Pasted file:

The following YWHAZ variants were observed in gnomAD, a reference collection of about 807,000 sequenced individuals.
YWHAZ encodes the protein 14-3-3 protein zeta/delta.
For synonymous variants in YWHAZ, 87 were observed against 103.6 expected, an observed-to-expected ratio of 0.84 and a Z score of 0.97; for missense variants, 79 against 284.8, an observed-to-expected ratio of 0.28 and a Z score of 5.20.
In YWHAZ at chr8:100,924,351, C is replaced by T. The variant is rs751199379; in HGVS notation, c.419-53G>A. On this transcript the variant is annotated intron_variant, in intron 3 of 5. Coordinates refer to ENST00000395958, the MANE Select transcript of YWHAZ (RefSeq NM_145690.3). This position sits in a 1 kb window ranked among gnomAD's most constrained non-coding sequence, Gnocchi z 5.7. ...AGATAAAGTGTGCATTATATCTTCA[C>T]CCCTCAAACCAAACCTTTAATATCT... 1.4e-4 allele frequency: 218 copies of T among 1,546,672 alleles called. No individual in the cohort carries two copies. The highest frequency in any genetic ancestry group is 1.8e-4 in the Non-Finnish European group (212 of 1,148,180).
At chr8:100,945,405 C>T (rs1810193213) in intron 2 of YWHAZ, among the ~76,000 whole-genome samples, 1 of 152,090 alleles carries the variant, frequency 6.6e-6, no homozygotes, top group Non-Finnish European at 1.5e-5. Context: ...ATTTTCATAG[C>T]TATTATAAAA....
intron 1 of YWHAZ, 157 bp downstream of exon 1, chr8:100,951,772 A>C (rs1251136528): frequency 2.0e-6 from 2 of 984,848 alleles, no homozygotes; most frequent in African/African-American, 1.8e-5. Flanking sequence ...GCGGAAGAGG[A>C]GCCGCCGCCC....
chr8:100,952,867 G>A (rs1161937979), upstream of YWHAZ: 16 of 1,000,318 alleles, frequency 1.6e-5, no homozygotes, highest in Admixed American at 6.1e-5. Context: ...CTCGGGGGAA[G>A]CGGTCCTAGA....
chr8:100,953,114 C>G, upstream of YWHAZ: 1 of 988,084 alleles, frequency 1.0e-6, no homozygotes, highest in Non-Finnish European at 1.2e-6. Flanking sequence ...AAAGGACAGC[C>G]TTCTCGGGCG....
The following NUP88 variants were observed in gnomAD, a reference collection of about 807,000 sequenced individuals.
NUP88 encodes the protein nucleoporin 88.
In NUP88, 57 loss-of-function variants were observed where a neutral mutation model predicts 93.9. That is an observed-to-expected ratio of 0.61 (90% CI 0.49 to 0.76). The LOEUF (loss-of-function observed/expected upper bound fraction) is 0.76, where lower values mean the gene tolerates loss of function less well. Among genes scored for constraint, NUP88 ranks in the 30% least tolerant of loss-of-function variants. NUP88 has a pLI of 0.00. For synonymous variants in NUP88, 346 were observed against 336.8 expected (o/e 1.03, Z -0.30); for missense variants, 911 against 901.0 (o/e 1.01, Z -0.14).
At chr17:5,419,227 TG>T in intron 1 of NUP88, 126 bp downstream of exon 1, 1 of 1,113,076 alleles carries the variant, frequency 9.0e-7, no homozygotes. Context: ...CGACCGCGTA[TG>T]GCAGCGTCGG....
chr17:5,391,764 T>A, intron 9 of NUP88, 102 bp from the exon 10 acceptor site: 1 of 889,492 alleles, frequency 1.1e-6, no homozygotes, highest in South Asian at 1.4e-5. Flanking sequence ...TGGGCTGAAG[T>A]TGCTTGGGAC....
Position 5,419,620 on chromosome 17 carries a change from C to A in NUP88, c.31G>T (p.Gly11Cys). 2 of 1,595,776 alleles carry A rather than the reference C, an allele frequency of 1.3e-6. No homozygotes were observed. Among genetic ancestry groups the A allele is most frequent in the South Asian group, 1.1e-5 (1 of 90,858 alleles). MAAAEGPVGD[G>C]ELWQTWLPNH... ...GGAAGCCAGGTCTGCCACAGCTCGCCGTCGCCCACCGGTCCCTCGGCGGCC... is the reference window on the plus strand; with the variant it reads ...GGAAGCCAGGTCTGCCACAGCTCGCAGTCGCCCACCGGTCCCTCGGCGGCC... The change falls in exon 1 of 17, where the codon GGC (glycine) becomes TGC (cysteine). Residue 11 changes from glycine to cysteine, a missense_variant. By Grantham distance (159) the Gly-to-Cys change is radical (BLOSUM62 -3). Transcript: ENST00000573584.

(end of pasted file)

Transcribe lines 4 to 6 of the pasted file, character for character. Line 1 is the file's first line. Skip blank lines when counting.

In YWHAZ at chr8:100,924,351, C is replaced by T. The variant is rs751199379; in HGVS notation, c.419-53G>A. On this transcript the variant is annotated intron_variant, in intron 3 of 5. Coordinates refer to ENST00000395958, the MANE Select transcript of YWHAZ (RefSeq NM_145690.3). This position sits in a 1 kb window ranked among gnomAD's most constrained non-coding sequence, Gnocchi z 5.7. ...AGATAAAGTGTGCATTATATCTTCA[C>T]CCCTCAAACCAAACCTTTAATATCT... 1.4e-4 allele frequency: 218 copies of T among 1,546,672 alleles called. No individual in the cohort carries two copies. The highest frequency in any genetic ancestry group is 1.8e-4 in the Non-Finnish European group (212 of 1,148,180).
At chr8:100,945,405 C>T (rs1810193213) in intron 2 of YWHAZ, among the ~76,000 whole-genome samples, 1 of 152,090 alleles carries the variant, frequency 6.6e-6, no homozygotes, top group Non-Finnish European at 1.5e-5. Context: ...ATTTTCATAG[C>T]TATTATAAAA....
intron 1 of YWHAZ, 157 bp downstream of exon 1, chr8:100,951,772 A>C (rs1251136528): frequency 2.0e-6 from 2 of 984,848 alleles, no homozygotes; most frequent in African/African-American, 1.8e-5. Flanking sequence ...GCGGAAGAGG[A>C]GCCGCCGCCC....